Nondisjunction occurs when chromosomes do not separate properly in anaphase of either meiosis or mitosis.  Meiotic nondisjunction produces aneuploid gamete cells that either have an extra chromosome or lack a chromosome (see figure 3.13). After fertilization, the resulting offspring will be trisomic or monosomic. Meiotic nondisjunction can occur during anaphase of either meiosis I or meiosis II.

The aneuploid human conditions described above (e.g., conventional Down syndrome, Klinefelter syndrome, Turner syndrome, etc.) are thought to be produced from either meiosis I or meiosis II nondisjunction.

On rare occasions, all chromosomes in a cell fail to separate properly during either meiosis I or II. This event is called complete nondisjunction and produces diploid gametes. If a diploid gamete fuses with a normal gamete, a triploid offspring is produced.

Figure 3.13 Meiotic Nondisjunction.  A homologous chromosome pair in the maternal parent experiences nondisjunction in meiosis I (left), while the sister chromatids fail to separate in the maternal parent during meiosis II nondisjunction (right).  The paternal parent contributes a copy of the same chromosome (in blue). --- Image created by SL

Key Questions

  • What happens during meiosis I nondisjunction?
  • Describe the four gametes produced by meiosis I nondisjunction.
  • What happens during meiosis II nondisjunction?
  • Describe the four gametes produced by meiosis II nondisjunction.

Mitotic Nondisjunction

Nondisjunction can also occur during mitosis (mitotic nondisjunction). During mitotic nondisjunction, the sister chromatids that constitute one chromosome fail to separate from each other during anaphase. Mitotic nondisjunction produces one daughter cell with three copies of a chromosome (trisomic), while the other daughter cell has one copy of the chromosome (monosomic) (see figure 3.14). All future daughter cells produced from the trisomic cell will also be trisomic, whereas all daughter cells produced from the monosomic cell will also be monosomic. As a result, mitotic nondisjunction produces a mosaic phenotype with some trisomic tissues in the body, while other tissues are monosomic.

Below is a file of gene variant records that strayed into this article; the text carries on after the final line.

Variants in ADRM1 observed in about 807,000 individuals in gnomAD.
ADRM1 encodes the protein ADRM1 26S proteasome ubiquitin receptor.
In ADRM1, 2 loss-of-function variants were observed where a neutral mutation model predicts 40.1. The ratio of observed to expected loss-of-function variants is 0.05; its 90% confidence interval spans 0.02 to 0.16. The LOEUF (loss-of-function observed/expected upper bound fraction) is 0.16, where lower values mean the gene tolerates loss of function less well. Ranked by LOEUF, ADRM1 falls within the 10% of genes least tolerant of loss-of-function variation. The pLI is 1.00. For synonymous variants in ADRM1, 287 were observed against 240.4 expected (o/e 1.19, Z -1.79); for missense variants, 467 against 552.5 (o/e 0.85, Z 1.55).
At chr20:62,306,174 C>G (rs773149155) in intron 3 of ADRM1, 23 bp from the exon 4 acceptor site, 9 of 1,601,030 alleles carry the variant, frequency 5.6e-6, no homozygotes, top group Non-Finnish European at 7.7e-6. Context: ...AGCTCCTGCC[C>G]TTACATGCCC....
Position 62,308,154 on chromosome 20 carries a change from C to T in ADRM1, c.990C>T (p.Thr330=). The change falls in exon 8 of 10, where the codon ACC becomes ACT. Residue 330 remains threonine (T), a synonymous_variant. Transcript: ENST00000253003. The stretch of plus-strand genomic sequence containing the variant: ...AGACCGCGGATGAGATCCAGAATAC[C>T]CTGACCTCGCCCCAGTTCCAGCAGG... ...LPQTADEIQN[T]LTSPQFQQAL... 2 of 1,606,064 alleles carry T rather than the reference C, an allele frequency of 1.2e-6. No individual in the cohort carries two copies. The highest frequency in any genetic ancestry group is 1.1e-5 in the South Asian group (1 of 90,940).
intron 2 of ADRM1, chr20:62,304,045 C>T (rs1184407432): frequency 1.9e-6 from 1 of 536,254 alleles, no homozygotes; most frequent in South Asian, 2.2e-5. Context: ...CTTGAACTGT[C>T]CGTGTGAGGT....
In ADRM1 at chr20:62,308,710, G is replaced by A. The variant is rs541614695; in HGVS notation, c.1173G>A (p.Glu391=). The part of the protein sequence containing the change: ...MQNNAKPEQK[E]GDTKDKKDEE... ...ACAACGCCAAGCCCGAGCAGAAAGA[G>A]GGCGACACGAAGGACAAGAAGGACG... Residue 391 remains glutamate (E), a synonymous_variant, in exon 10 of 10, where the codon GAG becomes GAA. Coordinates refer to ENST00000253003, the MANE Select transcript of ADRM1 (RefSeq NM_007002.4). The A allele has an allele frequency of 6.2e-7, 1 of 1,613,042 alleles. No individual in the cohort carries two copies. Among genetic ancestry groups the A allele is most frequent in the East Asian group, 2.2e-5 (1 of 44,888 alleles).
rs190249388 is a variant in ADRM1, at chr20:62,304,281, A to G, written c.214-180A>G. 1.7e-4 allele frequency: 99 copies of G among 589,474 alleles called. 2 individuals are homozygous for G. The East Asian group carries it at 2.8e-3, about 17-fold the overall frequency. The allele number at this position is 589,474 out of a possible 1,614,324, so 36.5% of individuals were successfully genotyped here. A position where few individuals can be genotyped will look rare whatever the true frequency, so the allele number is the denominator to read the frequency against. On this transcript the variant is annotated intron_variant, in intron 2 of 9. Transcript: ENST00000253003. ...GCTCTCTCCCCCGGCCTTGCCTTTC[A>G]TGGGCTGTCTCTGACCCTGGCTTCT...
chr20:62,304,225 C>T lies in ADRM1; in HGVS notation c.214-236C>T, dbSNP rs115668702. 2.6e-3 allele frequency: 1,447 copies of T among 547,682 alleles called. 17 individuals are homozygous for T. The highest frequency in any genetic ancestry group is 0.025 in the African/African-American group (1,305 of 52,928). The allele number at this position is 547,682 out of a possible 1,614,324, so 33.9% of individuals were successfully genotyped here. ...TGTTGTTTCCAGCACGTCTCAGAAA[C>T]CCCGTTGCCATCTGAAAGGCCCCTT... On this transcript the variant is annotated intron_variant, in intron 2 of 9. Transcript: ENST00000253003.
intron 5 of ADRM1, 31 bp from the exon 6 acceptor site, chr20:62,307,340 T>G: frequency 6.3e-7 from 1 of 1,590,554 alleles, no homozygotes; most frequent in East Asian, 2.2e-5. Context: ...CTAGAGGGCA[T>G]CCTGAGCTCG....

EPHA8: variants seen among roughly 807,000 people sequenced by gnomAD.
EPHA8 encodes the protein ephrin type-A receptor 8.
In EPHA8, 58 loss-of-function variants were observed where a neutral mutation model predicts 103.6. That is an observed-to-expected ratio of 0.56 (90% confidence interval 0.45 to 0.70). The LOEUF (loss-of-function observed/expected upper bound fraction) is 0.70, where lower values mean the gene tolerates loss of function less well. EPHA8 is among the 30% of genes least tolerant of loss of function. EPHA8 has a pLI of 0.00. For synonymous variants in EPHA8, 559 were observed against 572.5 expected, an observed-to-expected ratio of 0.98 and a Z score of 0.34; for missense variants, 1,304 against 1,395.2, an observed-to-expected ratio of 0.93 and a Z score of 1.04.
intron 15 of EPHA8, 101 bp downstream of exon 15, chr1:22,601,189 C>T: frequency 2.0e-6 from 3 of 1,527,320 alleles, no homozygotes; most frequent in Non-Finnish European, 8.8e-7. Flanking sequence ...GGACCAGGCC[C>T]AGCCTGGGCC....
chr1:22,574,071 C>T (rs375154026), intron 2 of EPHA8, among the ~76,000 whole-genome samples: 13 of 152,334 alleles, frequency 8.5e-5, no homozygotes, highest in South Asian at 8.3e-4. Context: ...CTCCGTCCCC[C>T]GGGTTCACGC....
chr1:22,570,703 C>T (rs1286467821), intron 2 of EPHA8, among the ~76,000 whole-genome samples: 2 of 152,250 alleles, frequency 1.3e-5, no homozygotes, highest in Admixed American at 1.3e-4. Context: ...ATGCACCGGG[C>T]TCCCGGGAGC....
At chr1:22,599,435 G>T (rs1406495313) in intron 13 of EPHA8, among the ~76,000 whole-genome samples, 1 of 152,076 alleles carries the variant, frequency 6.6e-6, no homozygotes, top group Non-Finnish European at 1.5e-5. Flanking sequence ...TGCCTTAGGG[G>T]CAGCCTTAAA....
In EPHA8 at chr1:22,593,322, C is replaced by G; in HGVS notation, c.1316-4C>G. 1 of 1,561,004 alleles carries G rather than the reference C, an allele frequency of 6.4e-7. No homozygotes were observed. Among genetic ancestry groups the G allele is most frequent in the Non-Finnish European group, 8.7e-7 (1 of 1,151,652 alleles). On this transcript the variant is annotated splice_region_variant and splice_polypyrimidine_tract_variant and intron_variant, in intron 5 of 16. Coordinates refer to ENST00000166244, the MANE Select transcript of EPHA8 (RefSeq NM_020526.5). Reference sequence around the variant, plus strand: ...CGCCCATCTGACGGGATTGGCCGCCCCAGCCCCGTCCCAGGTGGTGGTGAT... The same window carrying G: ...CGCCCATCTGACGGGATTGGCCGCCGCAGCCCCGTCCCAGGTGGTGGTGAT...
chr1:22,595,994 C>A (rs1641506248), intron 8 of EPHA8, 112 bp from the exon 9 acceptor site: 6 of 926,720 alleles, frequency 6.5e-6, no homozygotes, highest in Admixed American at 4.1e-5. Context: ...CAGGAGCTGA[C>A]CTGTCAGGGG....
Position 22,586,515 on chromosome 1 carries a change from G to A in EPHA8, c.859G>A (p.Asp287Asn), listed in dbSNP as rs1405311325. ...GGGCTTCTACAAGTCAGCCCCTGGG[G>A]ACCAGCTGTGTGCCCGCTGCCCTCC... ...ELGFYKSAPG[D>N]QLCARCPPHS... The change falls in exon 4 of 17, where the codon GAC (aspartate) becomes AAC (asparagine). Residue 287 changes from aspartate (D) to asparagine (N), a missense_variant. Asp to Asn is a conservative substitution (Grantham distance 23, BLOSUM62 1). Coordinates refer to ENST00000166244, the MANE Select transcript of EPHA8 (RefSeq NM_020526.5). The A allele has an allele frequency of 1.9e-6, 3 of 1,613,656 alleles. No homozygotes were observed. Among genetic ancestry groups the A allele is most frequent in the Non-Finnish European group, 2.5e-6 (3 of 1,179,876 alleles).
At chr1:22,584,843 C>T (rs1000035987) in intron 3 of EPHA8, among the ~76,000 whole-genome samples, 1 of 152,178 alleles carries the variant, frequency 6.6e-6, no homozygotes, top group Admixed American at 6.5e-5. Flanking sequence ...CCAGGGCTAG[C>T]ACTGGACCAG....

Sometimes chromosomes lose attachment to the mitotic spindle during anaphase.  A detached chromosome is not retained in the nucleus, and is degraded by nucleases in the cytoplasm. This event produces one daughter cell with two copies of a chromosome (disomic), while the other daughter cell has one copy of the chromosome (monosomic). All future daughter cells produced from the monosomic cell will be monosomic. This failure of a chromosome to attach to the mitotic spindle also results in a mosaic phenotype.

Figure 3.14 Mitotic Nondisjunction.  This figure highlights the fates of the sister chromatids derived from the two copies of chromosomes 2 and 14. --- Image created by SL

Key Questions

  • Describe the two processes that cause mitotic nondisjunction.

Review Questions

Fill in the Blanks:

  1. A _________________________ is a change in chromosome structure that produces an acentric fragment and a dicentric chromosome during meiosis.
  2. The disease ______________________ is caused by an inversion within the X chromosome.
  3. A(n) __________________ and a(n) _____________________ are two changes in chromosome structure that alter the amount of genetic information found on a chromosome.
  4. ___________ % of the gametes produced by a meiosis II nondisjunction event will result in trisomic offspring.
  5. A terminal deletion in chromosome _________ causes ___________________, a disease that results in a malformation of the glottis and larynx.
  6. Nondisjunction in _____________ can produce trisomic and monosomic somatic cells.
  7. The term _______________ can describe a cell with 2n-2 chromosomes.
  8. The globin gene family arose due to a __________________________.
  9. A ____________________ translocation involves only the acrocentric chromosomes.
  10. Reciprocal translocations of the __________________ segregation type result in two normal gametes and two translocation gametes.